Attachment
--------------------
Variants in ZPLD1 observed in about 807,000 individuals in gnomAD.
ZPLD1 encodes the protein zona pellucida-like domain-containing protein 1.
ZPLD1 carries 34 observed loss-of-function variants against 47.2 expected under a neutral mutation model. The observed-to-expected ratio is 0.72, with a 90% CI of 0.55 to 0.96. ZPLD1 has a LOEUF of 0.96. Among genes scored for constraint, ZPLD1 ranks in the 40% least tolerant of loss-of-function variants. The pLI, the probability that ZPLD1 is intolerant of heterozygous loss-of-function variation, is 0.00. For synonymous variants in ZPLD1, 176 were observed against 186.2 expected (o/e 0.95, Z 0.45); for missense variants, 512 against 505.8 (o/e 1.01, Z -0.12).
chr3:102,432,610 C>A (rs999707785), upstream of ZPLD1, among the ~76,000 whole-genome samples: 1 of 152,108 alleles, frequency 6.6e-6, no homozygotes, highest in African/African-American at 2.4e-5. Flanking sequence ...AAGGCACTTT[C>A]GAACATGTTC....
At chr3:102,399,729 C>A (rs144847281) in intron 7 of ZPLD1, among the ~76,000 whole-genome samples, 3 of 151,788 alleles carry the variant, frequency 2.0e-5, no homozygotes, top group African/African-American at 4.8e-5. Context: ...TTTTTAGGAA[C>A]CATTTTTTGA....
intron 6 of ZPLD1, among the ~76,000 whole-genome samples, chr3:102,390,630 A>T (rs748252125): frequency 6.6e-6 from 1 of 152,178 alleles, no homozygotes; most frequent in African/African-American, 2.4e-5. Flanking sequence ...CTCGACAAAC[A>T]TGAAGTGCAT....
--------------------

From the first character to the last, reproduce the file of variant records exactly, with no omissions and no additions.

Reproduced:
Variants in ZPLD1 observed in about 807,000 individuals in gnomAD.
ZPLD1 encodes the protein zona pellucida-like domain-containing protein 1.
ZPLD1 carries 34 observed loss-of-function variants against 47.2 expected under a neutral mutation model. The observed-to-expected ratio is 0.72, with a 90% CI of 0.55 to 0.96. ZPLD1 has a LOEUF of 0.96. Among genes scored for constraint, ZPLD1 ranks in the 40% least tolerant of loss-of-function variants. The pLI, the probability that ZPLD1 is intolerant of heterozygous loss-of-function variation, is 0.00. For synonymous variants in ZPLD1, 176 were observed against 186.2 expected (o/e 0.95, Z 0.45); for missense variants, 512 against 505.8 (o/e 1.01, Z -0.12).
chr3:102,432,610 C>A (rs999707785), upstream of ZPLD1, among the ~76,000 whole-genome samples: 1 of 152,108 alleles, frequency 6.6e-6, no homozygotes, highest in African/African-American at 2.4e-5. Flanking sequence ...AAGGCACTTT[C>A]GAACATGTTC....
At chr3:102,399,729 C>A (rs144847281) in intron 7 of ZPLD1, among the ~76,000 whole-genome samples, 3 of 151,788 alleles carry the variant, frequency 2.0e-5, no homozygotes, top group African/African-American at 4.8e-5. Context: ...TTTTTAGGAA[C>A]CATTTTTTGA....
intron 6 of ZPLD1, among the ~76,000 whole-genome samples, chr3:102,390,630 A>T (rs748252125): frequency 6.6e-6 from 1 of 152,178 alleles, no homozygotes; most frequent in African/African-American, 2.4e-5. Flanking sequence ...CTCGACAAAC[A>T]TGAAGTGCAT....